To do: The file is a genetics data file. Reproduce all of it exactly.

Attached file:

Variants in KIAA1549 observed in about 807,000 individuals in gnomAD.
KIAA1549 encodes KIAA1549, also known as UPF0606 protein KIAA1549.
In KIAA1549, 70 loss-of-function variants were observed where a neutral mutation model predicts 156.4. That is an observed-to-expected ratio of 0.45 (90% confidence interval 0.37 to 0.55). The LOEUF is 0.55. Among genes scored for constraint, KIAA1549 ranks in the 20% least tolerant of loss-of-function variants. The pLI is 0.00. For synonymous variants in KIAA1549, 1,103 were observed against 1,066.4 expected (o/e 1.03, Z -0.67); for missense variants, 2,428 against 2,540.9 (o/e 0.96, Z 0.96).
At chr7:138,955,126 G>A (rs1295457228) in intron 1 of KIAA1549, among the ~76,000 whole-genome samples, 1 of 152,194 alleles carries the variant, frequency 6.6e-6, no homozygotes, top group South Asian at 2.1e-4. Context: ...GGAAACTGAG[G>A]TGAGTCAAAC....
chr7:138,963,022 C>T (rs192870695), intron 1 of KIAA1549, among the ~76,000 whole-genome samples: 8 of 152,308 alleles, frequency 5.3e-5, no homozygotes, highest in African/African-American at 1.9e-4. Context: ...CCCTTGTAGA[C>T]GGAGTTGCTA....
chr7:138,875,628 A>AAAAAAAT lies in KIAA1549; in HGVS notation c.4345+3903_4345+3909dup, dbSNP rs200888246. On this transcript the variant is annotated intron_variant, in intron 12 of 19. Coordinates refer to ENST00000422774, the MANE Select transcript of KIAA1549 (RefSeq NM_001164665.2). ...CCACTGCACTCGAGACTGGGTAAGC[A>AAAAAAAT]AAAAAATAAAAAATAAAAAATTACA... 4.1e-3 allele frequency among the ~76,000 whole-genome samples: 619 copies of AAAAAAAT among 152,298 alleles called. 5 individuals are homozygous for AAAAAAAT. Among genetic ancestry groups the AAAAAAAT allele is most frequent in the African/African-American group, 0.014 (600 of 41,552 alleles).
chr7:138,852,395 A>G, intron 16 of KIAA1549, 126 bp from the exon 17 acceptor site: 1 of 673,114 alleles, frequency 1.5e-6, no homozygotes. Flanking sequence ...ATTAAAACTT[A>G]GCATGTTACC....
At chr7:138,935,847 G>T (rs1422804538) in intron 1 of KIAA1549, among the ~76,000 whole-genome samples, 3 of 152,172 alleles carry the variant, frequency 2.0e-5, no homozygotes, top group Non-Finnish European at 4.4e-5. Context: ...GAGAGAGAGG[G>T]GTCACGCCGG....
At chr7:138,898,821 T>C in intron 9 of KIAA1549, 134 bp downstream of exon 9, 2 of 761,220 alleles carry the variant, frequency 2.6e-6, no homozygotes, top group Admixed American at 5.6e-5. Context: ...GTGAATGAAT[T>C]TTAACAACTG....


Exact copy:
Variants in KIAA1549 observed in about 807,000 individuals in gnomAD.
KIAA1549 encodes KIAA1549, also known as UPF0606 protein KIAA1549.
In KIAA1549, 70 loss-of-function variants were observed where a neutral mutation model predicts 156.4. That is an observed-to-expected ratio of 0.45 (90% confidence interval 0.37 to 0.55). The LOEUF is 0.55. Among genes scored for constraint, KIAA1549 ranks in the 20% least tolerant of loss-of-function variants. The pLI is 0.00. For synonymous variants in KIAA1549, 1,103 were observed against 1,066.4 expected (o/e 1.03, Z -0.67); for missense variants, 2,428 against 2,540.9 (o/e 0.96, Z 0.96).
At chr7:138,955,126 G>A (rs1295457228) in intron 1 of KIAA1549, among the ~76,000 whole-genome samples, 1 of 152,194 alleles carries the variant, frequency 6.6e-6, no homozygotes, top group South Asian at 2.1e-4. Context: ...GGAAACTGAG[G>A]TGAGTCAAAC....
chr7:138,963,022 C>T (rs192870695), intron 1 of KIAA1549, among the ~76,000 whole-genome samples: 8 of 152,308 alleles, frequency 5.3e-5, no homozygotes, highest in African/African-American at 1.9e-4. Context: ...CCCTTGTAGA[C>T]GGAGTTGCTA....
chr7:138,875,628 A>AAAAAAAT lies in KIAA1549; in HGVS notation c.4345+3903_4345+3909dup, dbSNP rs200888246. On this transcript the variant is annotated intron_variant, in intron 12 of 19. Coordinates refer to ENST00000422774, the MANE Select transcript of KIAA1549 (RefSeq NM_001164665.2). ...CCACTGCACTCGAGACTGGGTAAGC[A>AAAAAAAT]AAAAAATAAAAAATAAAAAATTACA... 4.1e-3 allele frequency among the ~76,000 whole-genome samples: 619 copies of AAAAAAAT among 152,298 alleles called. 5 individuals are homozygous for AAAAAAAT. Among genetic ancestry groups the AAAAAAAT allele is most frequent in the African/African-American group, 0.014 (600 of 41,552 alleles).
chr7:138,852,395 A>G, intron 16 of KIAA1549, 126 bp from the exon 17 acceptor site: 1 of 673,114 alleles, frequency 1.5e-6, no homozygotes. Flanking sequence ...ATTAAAACTT[A>G]GCATGTTACC....
At chr7:138,935,847 G>T (rs1422804538) in intron 1 of KIAA1549, among the ~76,000 whole-genome samples, 3 of 152,172 alleles carry the variant, frequency 2.0e-5, no homozygotes, top group Non-Finnish European at 4.4e-5. Context: ...GAGAGAGAGG[G>T]GTCACGCCGG....
At chr7:138,898,821 T>C in intron 9 of KIAA1549, 134 bp downstream of exon 9, 2 of 761,220 alleles carry the variant, frequency 2.6e-6, no homozygotes, top group Admixed American at 5.6e-5. Context: ...GTGAATGAAT[T>C]TTAACAACTG....